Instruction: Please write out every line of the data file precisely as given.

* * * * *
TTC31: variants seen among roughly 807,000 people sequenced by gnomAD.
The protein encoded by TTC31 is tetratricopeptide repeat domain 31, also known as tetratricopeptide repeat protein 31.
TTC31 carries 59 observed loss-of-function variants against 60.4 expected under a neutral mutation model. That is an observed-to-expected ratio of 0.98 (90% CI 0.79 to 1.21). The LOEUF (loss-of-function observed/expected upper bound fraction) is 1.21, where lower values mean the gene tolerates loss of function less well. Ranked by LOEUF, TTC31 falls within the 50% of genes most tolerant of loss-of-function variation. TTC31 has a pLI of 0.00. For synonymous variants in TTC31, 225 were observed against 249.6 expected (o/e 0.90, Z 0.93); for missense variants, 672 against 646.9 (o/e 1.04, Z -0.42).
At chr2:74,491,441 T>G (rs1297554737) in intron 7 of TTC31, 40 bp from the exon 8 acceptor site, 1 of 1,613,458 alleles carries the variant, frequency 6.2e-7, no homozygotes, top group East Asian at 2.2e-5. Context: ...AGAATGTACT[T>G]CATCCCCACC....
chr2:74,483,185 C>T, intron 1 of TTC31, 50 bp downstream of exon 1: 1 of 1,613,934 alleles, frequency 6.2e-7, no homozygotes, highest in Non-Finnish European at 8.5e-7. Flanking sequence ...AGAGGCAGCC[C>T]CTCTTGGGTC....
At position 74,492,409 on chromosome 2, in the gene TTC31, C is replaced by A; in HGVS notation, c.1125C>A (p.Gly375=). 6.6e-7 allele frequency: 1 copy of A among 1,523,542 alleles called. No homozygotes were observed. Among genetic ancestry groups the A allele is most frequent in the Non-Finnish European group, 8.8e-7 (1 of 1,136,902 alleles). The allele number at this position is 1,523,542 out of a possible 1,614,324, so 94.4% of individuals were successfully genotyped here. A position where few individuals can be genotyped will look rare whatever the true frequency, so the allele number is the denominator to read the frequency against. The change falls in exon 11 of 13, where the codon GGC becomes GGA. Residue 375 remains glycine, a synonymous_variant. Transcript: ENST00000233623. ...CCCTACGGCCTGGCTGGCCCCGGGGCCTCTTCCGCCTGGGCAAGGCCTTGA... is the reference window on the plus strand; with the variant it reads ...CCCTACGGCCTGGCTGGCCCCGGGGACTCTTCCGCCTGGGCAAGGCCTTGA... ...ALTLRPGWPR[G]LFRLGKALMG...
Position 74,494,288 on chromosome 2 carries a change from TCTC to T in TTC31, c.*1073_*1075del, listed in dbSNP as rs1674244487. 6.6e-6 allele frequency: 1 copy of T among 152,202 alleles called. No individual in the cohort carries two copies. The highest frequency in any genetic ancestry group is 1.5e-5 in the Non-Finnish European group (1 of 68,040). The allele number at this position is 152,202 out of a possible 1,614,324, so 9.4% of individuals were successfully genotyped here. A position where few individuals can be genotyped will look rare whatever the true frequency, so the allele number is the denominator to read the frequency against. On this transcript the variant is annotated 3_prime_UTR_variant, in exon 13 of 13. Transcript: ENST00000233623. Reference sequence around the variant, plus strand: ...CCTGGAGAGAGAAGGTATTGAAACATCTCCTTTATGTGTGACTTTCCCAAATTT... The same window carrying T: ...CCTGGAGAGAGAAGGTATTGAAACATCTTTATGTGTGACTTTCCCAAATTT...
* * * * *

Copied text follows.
TTC31: variants seen among roughly 807,000 people sequenced by gnomAD.
The protein encoded by TTC31 is tetratricopeptide repeat domain 31, also known as tetratricopeptide repeat protein 31.
TTC31 carries 59 observed loss-of-function variants against 60.4 expected under a neutral mutation model. That is an observed-to-expected ratio of 0.98 (90% CI 0.79 to 1.21). The LOEUF (loss-of-function observed/expected upper bound fraction) is 1.21, where lower values mean the gene tolerates loss of function less well. Ranked by LOEUF, TTC31 falls within the 50% of genes most tolerant of loss-of-function variation. TTC31 has a pLI of 0.00. For synonymous variants in TTC31, 225 were observed against 249.6 expected (o/e 0.90, Z 0.93); for missense variants, 672 against 646.9 (o/e 1.04, Z -0.42).
At chr2:74,491,441 T>G (rs1297554737) in intron 7 of TTC31, 40 bp from the exon 8 acceptor site, 1 of 1,613,458 alleles carries the variant, frequency 6.2e-7, no homozygotes, top group East Asian at 2.2e-5. Context: ...AGAATGTACT[T>G]CATCCCCACC....
chr2:74,483,185 C>T, intron 1 of TTC31, 50 bp downstream of exon 1: 1 of 1,613,934 alleles, frequency 6.2e-7, no homozygotes, highest in Non-Finnish European at 8.5e-7. Flanking sequence ...AGAGGCAGCC[C>T]CTCTTGGGTC....
At position 74,492,409 on chromosome 2, in the gene TTC31, C is replaced by A; in HGVS notation, c.1125C>A (p.Gly375=). 6.6e-7 allele frequency: 1 copy of A among 1,523,542 alleles called. No homozygotes were observed. Among genetic ancestry groups the A allele is most frequent in the Non-Finnish European group, 8.8e-7 (1 of 1,136,902 alleles). The allele number at this position is 1,523,542 out of a possible 1,614,324, so 94.4% of individuals were successfully genotyped here. A position where few individuals can be genotyped will look rare whatever the true frequency, so the allele number is the denominator to read the frequency against. The change falls in exon 11 of 13, where the codon GGC becomes GGA. Residue 375 remains glycine, a synonymous_variant. Transcript: ENST00000233623. ...CCCTACGGCCTGGCTGGCCCCGGGGCCTCTTCCGCCTGGGCAAGGCCTTGA... is the reference window on the plus strand; with the variant it reads ...CCCTACGGCCTGGCTGGCCCCGGGGACTCTTCCGCCTGGGCAAGGCCTTGA... ...ALTLRPGWPR[G]LFRLGKALMG...
Position 74,494,288 on chromosome 2 carries a change from TCTC to T in TTC31, c.*1073_*1075del, listed in dbSNP as rs1674244487. 6.6e-6 allele frequency: 1 copy of T among 152,202 alleles called. No individual in the cohort carries two copies. The highest frequency in any genetic ancestry group is 1.5e-5 in the Non-Finnish European group (1 of 68,040). The allele number at this position is 152,202 out of a possible 1,614,324, so 9.4% of individuals were successfully genotyped here. A position where few individuals can be genotyped will look rare whatever the true frequency, so the allele number is the denominator to read the frequency against. On this transcript the variant is annotated 3_prime_UTR_variant, in exon 13 of 13. Transcript: ENST00000233623. Reference sequence around the variant, plus strand: ...CCTGGAGAGAGAAGGTATTGAAACATCTCCTTTATGTGTGACTTTCCCAAATTT... The same window carrying T: ...CCTGGAGAGAGAAGGTATTGAAACATCTTTATGTGTGACTTTCCCAAATTT...